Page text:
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I'm using LINQ to SQL to select some columns from one table. I want to get rid of the duplicate result also.

Dim customer = (From cus In db.Customers Select cus.CustomerId, cus.CustomerName).Distinct


  • 1 David
  • 2 James
  • 1 David
  • 3 Smith
  • 2 James
  • 5 Joe

Wanted result:

  • 1 David
  • 2 James
  • 3 Smith
  • 5 Joe

Can anyone show me how to get the wanted result? Thanks.

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how's your database design? From the query you gave, it is not possible to have duplicate items except that your db really got duplicate items (that id and name are not the only fields there?) –  xandy Apr 2 '10 at 16:54
The Table is just log-table for customer order. So, yes it's possible to store the same CustomerId in the column. –  Narazana Apr 2 '10 at 17:02
It works fine for me (with a List(Of T), didn't try with a Linq to SQL entity set...) –  Thomas Levesque Apr 2 '10 at 20:59

3 Answers 3

up vote 1 down vote accepted

The trouble you're having is that VB.NET treats the objects returned from a Linq query differently than C# does, which is why a lot of the answers here are from baffled C# developers. VB.NET returns mutable objects from Linq queries. C# returns immutable objects. So, in C# equality is already handled for you, but in VB.NET you have to specify which fields are considered equal using the Key keyword. You can see this easily in LinqPad yourself:

Dim items As New List(Of KeyValuePair(Of Integer, String))()
items.Add(New KeyValuePair(Of Integer, String)(1, "David"))
items.Add(New KeyValuePair(Of Integer, String)(2, "James"))
items.Add(New KeyValuePair(Of Integer, String)(3, "Smith"))
items.Add(New KeyValuePair(Of Integer, String)(2, "James"))
items.Add(New KeyValuePair(Of Integer, String)(5, "Joe"))


Dim uhOhResult = (from a in items select New With {a.Key, a.Value}).Distinct()
Dim distinctResult = (from a in items select New With {Key a.Key, Key a.Value}).Distinct()

In your example, put the Key keyword in to define which fields participate in the equality check, and distinct will work properly.

Dim customer = (From cus In db.Customers Select Key cus.CustomerId, Key cus.CustomerName).Distinct()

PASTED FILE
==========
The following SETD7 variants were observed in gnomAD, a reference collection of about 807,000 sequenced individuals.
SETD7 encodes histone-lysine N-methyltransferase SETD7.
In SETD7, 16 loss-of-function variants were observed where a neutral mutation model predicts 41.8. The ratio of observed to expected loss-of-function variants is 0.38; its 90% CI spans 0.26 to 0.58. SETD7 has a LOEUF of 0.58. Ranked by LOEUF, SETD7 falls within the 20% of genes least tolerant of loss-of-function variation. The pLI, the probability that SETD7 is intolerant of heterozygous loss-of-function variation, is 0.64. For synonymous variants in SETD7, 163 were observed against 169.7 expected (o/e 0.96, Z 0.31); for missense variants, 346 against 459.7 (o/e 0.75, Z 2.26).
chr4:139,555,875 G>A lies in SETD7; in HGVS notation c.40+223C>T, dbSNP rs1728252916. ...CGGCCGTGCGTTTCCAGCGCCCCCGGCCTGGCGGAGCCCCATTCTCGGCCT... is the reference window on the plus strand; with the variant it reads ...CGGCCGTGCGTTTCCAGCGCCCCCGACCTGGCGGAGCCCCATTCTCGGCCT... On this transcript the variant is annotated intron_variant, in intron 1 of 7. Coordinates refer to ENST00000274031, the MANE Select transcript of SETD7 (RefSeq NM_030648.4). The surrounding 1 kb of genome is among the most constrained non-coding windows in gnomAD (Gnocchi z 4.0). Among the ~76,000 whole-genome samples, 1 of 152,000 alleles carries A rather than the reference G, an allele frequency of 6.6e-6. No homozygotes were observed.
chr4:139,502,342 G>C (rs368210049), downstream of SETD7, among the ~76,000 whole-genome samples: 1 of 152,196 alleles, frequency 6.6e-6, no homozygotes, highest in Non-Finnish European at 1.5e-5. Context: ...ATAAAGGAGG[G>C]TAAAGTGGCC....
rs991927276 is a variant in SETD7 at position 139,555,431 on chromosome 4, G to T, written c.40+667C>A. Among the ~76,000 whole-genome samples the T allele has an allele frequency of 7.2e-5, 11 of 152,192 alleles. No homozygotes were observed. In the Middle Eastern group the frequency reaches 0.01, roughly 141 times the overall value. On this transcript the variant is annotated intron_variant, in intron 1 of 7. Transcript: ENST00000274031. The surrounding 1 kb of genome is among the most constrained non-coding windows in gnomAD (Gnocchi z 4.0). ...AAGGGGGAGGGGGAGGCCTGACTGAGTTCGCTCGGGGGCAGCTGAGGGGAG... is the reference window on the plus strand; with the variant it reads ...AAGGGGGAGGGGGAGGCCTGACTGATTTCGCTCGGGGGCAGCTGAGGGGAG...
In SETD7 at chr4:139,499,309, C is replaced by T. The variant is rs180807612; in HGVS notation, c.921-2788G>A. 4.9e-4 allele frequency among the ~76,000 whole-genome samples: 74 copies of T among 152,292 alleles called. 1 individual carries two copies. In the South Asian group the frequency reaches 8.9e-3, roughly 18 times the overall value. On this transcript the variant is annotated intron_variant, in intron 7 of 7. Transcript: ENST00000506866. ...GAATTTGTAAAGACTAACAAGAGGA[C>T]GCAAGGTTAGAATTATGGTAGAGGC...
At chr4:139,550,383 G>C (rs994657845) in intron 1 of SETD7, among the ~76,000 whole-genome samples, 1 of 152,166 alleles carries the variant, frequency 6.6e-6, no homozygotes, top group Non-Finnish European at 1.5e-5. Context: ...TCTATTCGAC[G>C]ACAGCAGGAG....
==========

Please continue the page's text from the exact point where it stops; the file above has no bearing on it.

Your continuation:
See here: Linq Group on Multiple Fields - VB.NET, Anonymous, Key and here: Distinct in LINQ with anonymous types (in VB.NET)

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    Dim customer = From cus In db.Customers Order By cust.CustomerID Select cus.CustomerId, cus.CustomerName 

    For Each c In customer.Distinct()
        Listbox1.Items.Add(c.CustomerId & " " & c.CustomerName)

Should give you a list of DISTINCT Customer Names and IDs. Not sure about the Ordering.

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You should use the overload of Distinct that takes an IEqualityComparer. I answered a similar question about Except on CodeProject a while back where I included a DelegateEqualityComparer class that lets you just use a lambda or other function without needing to actually write the class implementing the comparer.


The advice about needing equivalent hash codes probably applies as much to Distinct as it does to Except.

To use this with anonymous types, you will probably need a helper method to create the comparer. Something like this should work if you pass in the query (before calling Distinct, of course) as the first parameter to make the type inference work.

Public Function CreateComparer(Of T)(
                   ByVal items As IEnumerable(Of T), 
                   ByVal comparison As Func(Of T, T, Boolean)
                ) As DelegateEqualityComparer(Of T)
    Return New DelegateEqualityComparer(Of T)(comparison)
End Function 
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